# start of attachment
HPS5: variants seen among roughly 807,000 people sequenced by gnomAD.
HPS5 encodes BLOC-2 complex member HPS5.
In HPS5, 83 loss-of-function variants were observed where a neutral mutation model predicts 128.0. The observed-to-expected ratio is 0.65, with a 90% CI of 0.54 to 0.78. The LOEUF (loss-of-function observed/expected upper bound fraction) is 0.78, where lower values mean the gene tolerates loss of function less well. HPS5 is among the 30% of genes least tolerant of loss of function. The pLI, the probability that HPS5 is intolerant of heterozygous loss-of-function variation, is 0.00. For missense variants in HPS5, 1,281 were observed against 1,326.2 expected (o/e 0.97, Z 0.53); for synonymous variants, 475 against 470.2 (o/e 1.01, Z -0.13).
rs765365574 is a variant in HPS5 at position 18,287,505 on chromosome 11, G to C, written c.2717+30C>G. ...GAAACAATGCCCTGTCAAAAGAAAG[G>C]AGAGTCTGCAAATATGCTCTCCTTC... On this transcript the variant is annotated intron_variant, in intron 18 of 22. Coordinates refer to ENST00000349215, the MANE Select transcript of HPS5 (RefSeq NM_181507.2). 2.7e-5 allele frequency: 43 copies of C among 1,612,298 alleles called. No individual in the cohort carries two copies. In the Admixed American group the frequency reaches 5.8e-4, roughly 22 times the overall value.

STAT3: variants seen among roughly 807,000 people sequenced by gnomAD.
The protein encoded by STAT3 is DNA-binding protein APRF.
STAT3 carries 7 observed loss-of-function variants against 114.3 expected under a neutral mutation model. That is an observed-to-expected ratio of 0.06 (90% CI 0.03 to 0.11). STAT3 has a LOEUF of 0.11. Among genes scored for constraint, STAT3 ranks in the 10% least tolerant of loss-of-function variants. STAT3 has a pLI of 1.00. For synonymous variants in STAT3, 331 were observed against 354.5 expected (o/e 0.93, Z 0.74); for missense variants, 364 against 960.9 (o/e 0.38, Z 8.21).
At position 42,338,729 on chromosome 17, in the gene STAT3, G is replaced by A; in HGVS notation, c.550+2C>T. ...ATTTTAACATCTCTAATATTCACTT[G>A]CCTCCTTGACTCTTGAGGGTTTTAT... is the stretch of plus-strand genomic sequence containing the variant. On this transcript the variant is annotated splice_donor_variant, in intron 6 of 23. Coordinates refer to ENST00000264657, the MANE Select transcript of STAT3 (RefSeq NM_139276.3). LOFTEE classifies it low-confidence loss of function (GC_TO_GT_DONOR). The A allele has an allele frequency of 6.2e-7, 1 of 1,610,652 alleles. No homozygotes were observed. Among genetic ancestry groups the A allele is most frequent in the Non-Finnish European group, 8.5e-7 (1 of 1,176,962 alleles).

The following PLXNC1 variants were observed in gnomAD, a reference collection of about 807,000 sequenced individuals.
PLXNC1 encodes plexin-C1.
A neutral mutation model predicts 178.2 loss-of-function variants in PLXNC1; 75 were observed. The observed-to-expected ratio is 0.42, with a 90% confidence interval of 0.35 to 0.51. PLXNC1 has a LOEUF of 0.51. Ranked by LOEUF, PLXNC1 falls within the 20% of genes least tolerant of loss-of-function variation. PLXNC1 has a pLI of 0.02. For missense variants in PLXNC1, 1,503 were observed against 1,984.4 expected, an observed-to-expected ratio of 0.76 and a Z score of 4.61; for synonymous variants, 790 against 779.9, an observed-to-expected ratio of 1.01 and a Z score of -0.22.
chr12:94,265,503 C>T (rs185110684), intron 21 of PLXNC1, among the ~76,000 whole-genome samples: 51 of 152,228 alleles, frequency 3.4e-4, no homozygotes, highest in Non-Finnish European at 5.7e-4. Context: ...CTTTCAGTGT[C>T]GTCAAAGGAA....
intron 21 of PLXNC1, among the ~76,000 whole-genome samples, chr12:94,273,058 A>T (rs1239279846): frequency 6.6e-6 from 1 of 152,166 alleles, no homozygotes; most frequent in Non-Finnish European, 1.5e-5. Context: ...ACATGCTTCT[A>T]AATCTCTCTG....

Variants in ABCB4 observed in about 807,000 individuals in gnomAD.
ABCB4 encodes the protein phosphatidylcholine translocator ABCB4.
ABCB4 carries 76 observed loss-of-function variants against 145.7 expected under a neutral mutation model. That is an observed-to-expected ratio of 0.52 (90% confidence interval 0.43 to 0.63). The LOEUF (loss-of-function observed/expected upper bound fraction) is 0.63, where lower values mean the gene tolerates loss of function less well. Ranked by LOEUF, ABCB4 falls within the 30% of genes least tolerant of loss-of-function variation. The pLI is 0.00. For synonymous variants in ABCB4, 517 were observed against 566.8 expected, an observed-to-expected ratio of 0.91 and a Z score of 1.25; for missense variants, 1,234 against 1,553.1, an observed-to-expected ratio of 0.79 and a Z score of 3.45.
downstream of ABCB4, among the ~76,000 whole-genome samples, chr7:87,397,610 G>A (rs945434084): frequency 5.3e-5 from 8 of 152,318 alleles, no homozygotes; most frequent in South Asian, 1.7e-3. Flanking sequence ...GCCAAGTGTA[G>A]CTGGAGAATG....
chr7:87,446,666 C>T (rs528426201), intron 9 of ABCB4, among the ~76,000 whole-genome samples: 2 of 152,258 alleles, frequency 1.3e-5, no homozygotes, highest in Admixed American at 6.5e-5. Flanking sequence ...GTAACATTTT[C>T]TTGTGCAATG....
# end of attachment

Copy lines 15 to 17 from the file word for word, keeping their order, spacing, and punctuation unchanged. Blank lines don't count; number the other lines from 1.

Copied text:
ABCB4 encodes the protein phosphatidylcholine translocator ABCB4.
ABCB4 carries 76 observed loss-of-function variants against 145.7 expected under a neutral mutation model. That is an observed-to-expected ratio of 0.52 (90% confidence interval 0.43 to 0.63). The LOEUF (loss-of-function observed/expected upper bound fraction) is 0.63, where lower values mean the gene tolerates loss of function less well. Ranked by LOEUF, ABCB4 falls within the 30% of genes least tolerant of loss-of-function variation. The pLI is 0.00. For synonymous variants in ABCB4, 517 were observed against 566.8 expected, an observed-to-expected ratio of 0.91 and a Z score of 1.25; for missense variants, 1,234 against 1,553.1, an observed-to-expected ratio of 0.79 and a Z score of 3.45.
downstream of ABCB4, among the ~76,000 whole-genome samples, chr7:87,397,610 G>A (rs945434084): frequency 5.3e-5 from 8 of 152,318 alleles, no homozygotes; most frequent in South Asian, 1.7e-3. Flanking sequence ...GCCAAGTGTA[G>A]CTGGAGAATG....